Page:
Tuesday, December 18, 2007


This past Sunday as our pastor was preaching about living in victory, he described Jesus’s example of obedience to the Father, of His example of suffering because He really wasn’t a part of this world (in the sense of agreeing with the pervasive sinfulness around Him—around everyone since the fall). As believers we are being conformed to His image.

“For whom He foreknew, He also predestined to be conformed to the image of His Son, that He might be the firstborn among many brethren.” (Romans 8:29, NKJV)

We are being conformed to the image of this One who suffered as He obeyed God. This One who communed without interruption in His heart with God. This One who walked in humility and dignity, with compassion and mercy, in meekness and strength. He didn’t have to prove who He was. He simply lived and worked as He saw the Father moving.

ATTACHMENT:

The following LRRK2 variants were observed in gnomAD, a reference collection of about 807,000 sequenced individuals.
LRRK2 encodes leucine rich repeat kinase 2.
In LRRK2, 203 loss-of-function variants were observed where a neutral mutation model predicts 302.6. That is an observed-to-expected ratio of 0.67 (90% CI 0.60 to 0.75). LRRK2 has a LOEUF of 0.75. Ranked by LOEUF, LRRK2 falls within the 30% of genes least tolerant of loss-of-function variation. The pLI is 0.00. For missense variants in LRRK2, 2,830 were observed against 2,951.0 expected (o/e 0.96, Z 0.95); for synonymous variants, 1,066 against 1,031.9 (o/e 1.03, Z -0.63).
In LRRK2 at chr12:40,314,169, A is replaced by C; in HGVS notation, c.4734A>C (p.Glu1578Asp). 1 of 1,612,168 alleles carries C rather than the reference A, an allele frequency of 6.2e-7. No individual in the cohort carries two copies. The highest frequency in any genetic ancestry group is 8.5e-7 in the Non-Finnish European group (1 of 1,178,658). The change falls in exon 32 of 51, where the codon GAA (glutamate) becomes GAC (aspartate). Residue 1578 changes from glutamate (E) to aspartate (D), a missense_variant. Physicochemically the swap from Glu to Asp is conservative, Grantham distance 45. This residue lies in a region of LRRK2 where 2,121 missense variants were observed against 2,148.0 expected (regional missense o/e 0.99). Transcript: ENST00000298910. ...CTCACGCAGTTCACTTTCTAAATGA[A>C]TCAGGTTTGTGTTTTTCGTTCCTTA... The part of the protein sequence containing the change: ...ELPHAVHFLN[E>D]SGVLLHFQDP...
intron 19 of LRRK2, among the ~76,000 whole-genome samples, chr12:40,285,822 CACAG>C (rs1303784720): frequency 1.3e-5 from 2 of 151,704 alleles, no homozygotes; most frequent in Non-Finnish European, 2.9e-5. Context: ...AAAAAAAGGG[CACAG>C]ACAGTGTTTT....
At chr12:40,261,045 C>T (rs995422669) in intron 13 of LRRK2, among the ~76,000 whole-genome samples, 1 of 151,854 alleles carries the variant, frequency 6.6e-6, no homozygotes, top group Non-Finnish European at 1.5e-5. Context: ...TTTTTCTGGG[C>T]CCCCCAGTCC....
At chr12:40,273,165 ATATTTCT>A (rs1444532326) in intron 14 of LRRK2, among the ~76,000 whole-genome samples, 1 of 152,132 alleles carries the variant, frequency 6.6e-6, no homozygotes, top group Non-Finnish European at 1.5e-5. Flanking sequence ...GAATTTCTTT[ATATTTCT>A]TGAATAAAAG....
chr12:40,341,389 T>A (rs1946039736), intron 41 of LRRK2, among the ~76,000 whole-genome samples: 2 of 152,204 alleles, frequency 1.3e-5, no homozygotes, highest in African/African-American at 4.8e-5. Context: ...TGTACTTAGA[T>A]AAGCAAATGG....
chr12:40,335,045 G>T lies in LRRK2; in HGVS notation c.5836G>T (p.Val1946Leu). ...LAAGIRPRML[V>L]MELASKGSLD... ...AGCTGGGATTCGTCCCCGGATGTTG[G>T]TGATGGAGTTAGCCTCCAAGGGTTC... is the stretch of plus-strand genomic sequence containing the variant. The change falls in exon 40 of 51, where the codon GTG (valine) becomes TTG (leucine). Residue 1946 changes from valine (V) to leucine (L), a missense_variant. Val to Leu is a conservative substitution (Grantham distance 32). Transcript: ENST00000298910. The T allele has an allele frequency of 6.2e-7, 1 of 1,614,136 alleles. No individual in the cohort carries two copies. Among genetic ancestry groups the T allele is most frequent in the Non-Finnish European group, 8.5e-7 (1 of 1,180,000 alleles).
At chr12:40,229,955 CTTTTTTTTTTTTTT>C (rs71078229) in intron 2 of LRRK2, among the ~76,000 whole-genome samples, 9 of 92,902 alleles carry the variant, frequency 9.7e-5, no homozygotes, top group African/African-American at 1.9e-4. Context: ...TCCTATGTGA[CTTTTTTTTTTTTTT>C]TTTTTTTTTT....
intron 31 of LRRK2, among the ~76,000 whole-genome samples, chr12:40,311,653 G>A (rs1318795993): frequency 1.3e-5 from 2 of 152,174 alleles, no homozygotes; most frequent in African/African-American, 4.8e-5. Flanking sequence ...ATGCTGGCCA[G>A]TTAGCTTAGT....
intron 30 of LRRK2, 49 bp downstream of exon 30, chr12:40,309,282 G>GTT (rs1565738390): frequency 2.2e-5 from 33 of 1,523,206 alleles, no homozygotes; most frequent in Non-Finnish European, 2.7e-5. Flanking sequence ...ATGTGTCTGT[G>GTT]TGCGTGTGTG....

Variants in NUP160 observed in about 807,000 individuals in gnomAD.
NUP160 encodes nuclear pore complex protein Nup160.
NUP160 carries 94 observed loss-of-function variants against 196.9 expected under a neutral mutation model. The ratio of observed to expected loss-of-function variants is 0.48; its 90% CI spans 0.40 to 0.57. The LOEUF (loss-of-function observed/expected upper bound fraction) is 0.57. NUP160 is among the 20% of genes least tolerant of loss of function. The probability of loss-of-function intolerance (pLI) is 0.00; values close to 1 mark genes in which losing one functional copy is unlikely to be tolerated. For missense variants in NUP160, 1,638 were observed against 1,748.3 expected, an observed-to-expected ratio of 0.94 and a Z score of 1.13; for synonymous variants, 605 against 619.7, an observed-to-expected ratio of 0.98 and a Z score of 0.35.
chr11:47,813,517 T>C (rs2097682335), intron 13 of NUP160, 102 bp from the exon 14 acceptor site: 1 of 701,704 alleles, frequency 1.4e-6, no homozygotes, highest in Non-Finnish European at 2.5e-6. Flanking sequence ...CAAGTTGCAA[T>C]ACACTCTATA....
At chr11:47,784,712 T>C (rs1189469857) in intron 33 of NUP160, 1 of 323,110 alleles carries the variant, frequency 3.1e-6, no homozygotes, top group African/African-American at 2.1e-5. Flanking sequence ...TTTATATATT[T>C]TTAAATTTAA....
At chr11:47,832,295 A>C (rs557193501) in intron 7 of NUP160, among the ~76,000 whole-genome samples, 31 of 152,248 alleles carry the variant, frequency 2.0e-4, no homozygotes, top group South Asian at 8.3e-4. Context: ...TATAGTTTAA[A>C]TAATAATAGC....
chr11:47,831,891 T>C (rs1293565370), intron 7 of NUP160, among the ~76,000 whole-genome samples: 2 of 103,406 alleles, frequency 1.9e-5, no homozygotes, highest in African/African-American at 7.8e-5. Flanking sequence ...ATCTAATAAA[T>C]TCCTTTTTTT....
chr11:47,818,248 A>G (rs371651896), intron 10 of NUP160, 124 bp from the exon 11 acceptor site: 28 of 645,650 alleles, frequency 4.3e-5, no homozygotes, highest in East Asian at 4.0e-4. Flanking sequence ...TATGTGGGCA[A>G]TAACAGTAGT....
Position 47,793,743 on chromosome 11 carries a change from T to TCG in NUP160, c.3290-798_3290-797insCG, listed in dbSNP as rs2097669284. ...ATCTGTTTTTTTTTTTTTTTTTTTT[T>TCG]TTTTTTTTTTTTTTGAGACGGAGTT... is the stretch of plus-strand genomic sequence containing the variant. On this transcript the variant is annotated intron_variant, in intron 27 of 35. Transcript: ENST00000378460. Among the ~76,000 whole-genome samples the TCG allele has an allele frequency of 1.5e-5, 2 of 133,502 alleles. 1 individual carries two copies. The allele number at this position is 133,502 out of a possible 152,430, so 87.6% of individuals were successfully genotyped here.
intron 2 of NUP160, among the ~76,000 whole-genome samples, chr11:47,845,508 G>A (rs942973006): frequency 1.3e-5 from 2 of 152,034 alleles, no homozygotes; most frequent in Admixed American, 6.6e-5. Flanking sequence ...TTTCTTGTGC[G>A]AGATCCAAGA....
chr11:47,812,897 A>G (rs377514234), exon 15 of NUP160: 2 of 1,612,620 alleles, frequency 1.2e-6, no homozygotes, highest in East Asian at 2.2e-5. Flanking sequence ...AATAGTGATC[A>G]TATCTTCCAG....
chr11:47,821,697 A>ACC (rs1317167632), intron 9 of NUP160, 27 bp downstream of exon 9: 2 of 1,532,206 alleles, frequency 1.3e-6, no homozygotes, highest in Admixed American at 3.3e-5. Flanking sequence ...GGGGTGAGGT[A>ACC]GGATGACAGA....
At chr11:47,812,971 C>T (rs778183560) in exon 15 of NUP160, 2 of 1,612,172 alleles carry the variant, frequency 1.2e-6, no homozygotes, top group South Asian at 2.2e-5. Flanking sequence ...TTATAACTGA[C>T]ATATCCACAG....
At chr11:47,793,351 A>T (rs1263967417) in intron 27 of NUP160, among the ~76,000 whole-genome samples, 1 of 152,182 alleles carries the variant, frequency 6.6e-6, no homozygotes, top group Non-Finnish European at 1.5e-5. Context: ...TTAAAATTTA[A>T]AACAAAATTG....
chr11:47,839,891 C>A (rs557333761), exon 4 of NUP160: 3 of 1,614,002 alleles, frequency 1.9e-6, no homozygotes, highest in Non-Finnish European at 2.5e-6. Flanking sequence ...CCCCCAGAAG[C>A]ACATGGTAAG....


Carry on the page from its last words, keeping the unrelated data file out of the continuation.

How comfortable are you with this idea of being conformed to His image? Does the idea make you squirm, because you envision suffering and a life that is pleasure-less? Do you esteem your priorities higher than God’s for your life? Do you esteem yourself higher than the humble Christ who gave Himself on behalf of the world? I wrestled with some of these questions as I sat in church on Sunday.

I’m going to do a series on this concept of being conformed, but not in the way you might think. Instead of focusing on what we’ll have to do to change, how we’ll have to fight our nature and let God mold us, I’m going to use the principle of “beholding is becoming.” When we behold something we become like it. If, for example, we were to focus on fashion magazines. Soon, we’d be dressing like the models we’ve seen and changing hairstyles and accessories to match new fads.

When we behold Jesus, in the many facets that make up His character, we will become like Him. The more we behold Him (through the Word, through prayer, through communion with Him) the more we will become like Him. We will be conformed to His image.

So, let’s cooperate on that Potter’s wheel and entrust ourselves to God’s hands, just like Jesus did.

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